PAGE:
The people, also called the Valencianos surely know how to have fun! Valencia is one city full of magic, color, and excitement, specially during one of the city’s many, many festivals. There are fireworks and parades, and of course, magic and passion, typical of Spanish cities.
For Valencianos, the festivals of Valencia are more than just colorful costumes and delicious food, they are a reflection of centuries-worth of culture and meaning, to the point that most festivals always have something to do with the religion as well as agricultural, or pagan meaning to them.
First Trimester Festivals
From January to April, Valencia is an explosion of colors and gaiety as they celebrate various festivals. First, on January 6, the Christmas festivities are officially closed with Epiphany, or Kings Day.
A few weeks after that, on the 22nd of the same month, is the celebration for the feast of San Vicente Martir, the patron saint of Valencia.
March sees the most exciting and the biggest festival in the city. Between March 15-19 is the Las Fallas de Valencia, which showcases an amazing pyrotechnics display and the burning of satirical figures called “fallas.” This festival is one of the most attended and most anticipated in the world. There are fireworks displays every night until the 19th and the anticipated burning of the fallas at midnight of the 18th.
April sees the celebration of the Semana Santa or Lent season. It is a more solemn festival, but colorful nonetheless.
Second Trimester Festivals
On May 3, the Festival of The Crosses of May covers Valencia’s streets with crosses made of flowers, and on the second Sunday of May, thePatron Saint of the City, Mare de Déu dels Desemparats is commemorated through the festival of Virgin lose Desamparados. In June 23, the festival of Saint Joan, or San Juan in Castillian, is celebrated not only in Valencia, but all over Spain. July sees another flower-themed festival, the Feria de Julio or July Fair, which celebrates the hot summer days and nights in the city, mostly celebrated on the beaches with huge bonfires.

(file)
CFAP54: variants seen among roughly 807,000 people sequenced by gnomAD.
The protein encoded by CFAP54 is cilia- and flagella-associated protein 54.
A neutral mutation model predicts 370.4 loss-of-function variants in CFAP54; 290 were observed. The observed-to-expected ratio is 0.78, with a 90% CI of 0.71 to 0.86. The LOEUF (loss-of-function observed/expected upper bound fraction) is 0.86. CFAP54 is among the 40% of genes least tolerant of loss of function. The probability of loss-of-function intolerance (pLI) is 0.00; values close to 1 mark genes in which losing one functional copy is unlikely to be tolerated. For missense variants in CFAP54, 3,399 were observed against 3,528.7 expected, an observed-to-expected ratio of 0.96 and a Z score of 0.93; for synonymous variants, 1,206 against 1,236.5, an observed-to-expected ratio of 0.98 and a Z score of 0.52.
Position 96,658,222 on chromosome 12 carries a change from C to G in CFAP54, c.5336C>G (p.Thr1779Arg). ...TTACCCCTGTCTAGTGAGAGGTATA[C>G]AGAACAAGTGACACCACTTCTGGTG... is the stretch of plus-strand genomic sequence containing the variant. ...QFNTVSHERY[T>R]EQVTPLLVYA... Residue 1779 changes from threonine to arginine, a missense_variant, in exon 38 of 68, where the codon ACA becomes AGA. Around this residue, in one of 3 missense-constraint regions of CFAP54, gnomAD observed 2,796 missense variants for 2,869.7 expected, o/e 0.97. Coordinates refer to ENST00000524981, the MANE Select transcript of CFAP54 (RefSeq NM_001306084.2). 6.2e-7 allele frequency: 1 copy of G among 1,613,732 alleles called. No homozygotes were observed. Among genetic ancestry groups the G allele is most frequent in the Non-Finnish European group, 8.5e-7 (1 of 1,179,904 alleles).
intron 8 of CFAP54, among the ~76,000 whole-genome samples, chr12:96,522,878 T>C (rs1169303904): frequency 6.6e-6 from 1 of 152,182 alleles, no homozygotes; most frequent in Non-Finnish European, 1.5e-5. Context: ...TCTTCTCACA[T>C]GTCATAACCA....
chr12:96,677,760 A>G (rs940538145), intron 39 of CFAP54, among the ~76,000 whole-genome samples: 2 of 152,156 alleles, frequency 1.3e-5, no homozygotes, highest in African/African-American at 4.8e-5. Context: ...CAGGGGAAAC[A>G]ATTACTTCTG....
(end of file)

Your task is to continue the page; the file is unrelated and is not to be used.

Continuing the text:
In the town of Buñol, just outside the edges of the metropolitan of Valencia, the weirdest, yet enjoyable festival happens in August. The yearly Battle of Tomatoes of the festival, La Tomatina, will make everyone wet and wild with tomatoes thrown at each other. No one is spared with this hilarity and gaiety.
Third Trimester Festivals
The National Day of the Region of Valencia, which happens on October 9, is one of the most romantic festivals in the city. The feast of San Dionis happens on this day, which is the Spanish equivalent to Valentine’s Day. It is a day of lovers both young and old.
November and December sees Valencia, Spain taking part in the rest of the world’s commemoration of All Saints’ Day or Todos los Santos, and Christmas and Spanish Natividad, respectively.